I hate waste, and cutting off the bone wastes so much (flavor and meat).   DH leaves half of his chicken wings behind, why?    I am also actually in favor of  deboned meats as they call it, using the whole animal has my respect.  Just not in favor of the binders and additives sometimes mixed in.   What is wrong with eating a bit of cartilage in my hotdogs, if I chew it off of my chicken wings?

A lot of the mustachian anti more expensive food talk is self serving because if you can convince yourself that there is no difference between a chicken in a disgustingly small cage and one that roams like a chicken is meant to, you can make it to FIRE quicker.  Mustachian ideals (environmentalism and mindfulness)  don't always line up with real world cost savings.  Stop supporting neglect of animals just because it's cheaper. EOR

Inaya

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Re: Ignorant food consumers
« Reply #76 on: May 09, 2017, 07:07:12 PM »
I spent my early career working with food processing and being on and off large farms, so I had to come to terms with my meat -eating behaviours.

Having stood in an abbatoir, on a 10k acre ranch, and even cleaned chicken guts out of a backed up pump at a chicken processing facility, I can definitely say yes to meats.

Interesting where I draw the line for me, though:
1)  Veal.   I would rather eat a wild hunted animal than veal.  No matter how cheap or tasty.
2)  "Free range" chickens and eggs-- meaning uncaged chickens in a barn.  Thousands of chickens pecking at their poop and each other, and walking over dead birds.  I will buy the omega 3 diet chickens or ones allowed "natural behaviours" such as roosting perches or more space in a cage, but the idea of free range (other than as on a small hobby farm) is just wrong.   They don't go outside because of predators out there and inside is like a zombie nightmare.  (and the stench makes me gag just remembering it -- those dead chickens get picked up daily and put somewhere, you know.)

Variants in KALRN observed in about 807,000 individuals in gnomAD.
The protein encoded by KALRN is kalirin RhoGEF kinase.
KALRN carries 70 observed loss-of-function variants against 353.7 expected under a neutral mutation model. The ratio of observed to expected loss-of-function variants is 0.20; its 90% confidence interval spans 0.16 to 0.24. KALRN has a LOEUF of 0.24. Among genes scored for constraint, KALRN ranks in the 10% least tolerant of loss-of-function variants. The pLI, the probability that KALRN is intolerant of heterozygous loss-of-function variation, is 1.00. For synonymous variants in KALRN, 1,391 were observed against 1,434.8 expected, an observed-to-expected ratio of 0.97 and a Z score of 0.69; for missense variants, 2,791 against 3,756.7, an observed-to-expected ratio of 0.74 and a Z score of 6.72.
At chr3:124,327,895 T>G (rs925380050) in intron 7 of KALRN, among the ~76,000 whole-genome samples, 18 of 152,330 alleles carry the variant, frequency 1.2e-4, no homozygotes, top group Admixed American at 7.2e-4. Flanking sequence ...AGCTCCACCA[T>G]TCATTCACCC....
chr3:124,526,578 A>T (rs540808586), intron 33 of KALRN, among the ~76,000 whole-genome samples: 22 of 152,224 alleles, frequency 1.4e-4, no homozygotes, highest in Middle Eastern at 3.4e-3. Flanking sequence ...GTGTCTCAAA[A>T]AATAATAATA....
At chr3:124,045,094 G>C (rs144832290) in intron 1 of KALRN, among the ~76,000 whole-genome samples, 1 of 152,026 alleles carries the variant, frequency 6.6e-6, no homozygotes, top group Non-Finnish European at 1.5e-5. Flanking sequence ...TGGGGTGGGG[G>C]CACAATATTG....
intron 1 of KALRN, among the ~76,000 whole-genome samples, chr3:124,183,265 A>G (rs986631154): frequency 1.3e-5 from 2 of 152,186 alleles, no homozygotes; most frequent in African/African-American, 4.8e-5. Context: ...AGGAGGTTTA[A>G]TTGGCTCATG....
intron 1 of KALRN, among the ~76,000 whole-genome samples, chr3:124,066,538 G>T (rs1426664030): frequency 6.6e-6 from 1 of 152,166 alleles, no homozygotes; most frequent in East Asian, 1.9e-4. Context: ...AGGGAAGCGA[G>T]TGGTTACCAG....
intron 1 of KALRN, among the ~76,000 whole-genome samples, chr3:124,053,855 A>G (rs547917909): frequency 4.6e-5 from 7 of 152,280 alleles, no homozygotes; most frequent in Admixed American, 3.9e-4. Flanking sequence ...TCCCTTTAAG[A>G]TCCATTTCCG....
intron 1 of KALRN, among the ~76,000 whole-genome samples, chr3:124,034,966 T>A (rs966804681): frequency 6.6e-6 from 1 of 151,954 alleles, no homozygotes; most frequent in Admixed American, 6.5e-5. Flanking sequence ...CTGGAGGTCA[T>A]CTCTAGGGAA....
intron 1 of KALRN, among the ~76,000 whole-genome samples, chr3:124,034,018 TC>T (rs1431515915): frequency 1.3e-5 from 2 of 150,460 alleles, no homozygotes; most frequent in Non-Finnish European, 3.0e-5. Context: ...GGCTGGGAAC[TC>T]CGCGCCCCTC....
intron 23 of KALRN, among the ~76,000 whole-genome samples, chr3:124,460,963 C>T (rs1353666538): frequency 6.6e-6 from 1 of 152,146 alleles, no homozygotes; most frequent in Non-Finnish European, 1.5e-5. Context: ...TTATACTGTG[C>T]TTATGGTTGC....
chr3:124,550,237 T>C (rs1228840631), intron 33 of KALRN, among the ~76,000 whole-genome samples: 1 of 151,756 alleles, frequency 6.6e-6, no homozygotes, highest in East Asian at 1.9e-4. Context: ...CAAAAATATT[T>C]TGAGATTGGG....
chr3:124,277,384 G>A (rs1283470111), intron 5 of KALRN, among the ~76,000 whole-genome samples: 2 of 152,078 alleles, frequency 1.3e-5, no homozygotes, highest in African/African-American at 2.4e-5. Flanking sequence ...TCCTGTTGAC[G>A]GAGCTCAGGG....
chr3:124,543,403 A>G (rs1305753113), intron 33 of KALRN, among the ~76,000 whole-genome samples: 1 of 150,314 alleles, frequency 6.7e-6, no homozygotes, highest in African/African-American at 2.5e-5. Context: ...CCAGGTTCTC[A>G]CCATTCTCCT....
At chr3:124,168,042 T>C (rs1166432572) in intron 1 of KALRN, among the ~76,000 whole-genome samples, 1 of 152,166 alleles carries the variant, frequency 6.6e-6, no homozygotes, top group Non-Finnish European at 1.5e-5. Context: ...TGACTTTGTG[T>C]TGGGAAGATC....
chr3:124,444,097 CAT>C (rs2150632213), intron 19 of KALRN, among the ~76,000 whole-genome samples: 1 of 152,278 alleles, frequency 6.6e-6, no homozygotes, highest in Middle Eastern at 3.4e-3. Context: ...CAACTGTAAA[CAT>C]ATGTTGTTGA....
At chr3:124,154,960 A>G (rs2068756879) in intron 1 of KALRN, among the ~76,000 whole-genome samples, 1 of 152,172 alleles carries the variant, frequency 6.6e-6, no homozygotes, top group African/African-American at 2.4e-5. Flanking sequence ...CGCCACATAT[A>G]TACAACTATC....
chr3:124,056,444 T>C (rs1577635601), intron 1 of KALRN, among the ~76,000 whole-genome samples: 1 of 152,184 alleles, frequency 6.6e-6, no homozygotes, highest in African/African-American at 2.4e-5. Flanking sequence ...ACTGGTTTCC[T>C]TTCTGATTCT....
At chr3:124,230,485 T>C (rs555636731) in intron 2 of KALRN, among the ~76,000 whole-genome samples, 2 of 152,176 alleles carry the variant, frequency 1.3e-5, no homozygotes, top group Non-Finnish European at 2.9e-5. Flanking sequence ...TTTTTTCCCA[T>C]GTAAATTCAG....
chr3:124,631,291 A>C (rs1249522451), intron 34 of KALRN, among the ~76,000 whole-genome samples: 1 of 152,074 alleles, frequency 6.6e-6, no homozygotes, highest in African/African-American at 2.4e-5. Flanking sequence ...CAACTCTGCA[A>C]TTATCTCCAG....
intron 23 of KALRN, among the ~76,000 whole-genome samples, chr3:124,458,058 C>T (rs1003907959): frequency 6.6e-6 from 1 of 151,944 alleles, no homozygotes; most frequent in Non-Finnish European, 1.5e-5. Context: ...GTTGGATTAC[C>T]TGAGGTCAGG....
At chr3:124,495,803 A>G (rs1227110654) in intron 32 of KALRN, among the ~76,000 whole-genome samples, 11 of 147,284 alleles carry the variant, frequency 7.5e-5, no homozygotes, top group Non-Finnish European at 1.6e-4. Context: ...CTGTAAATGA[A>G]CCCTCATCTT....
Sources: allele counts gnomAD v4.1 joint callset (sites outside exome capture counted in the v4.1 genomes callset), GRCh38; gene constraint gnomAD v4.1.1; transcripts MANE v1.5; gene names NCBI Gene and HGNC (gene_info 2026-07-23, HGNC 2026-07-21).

3)   Bugs - mostly, maybe grasshoppers or large bugs ok. Mealworms, no.   Likewise predator game meats, just no.
4)  Beef Liver - DH eats it, but every time I try it, the texture gets to me.   I don't drink most soy milk because of grainy textures, too.

What I don't understand are people that refuse to eat foods that were cooked on the bone?  Or chicken cooked with skin on ?

I hate waste, and cutting off the bone wastes so much (flavor and meat).   DH leaves half of his chicken wings behind, why?    I am also actually in favor of  deboned meats as they call it, using the whole animal has my respect.  Just not in favor of the binders and additives sometimes mixed in.   What is wrong with eating a bit of cartilage in my hotdogs, if I chew it off of my chicken wings?

A lot of the mustachian anti more expensive food talk is self serving because if you can convince yourself that there is no difference between a chicken in a disgustingly small cage and one that roams like a chicken is meant to, you can make it to FIRE quicker.  Mustachian ideals (environmentalism and mindfulness)  don't always line up with real world cost savings.  Stop supporting neglect of animals just because it's cheaper. EOR
But Mustachianism is about being mindful and identifying your values and priorities, rather than blindly consuming--be it cars or fancy meats. Hopefully part of that involves some introspection on consumption and use of animal products. There are plenty of people on these forums who have made the choice to pay more for for more humane products because they've prioritized it over FIRE for themselves.

Linda_Norway

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Re: Ignorant food consumers
« Reply #77 on: May 10, 2017, 06:58:13 AM »
I spent my early career working with food processing and being on and off large farms, so I had to come to terms with my meat -eating behaviours.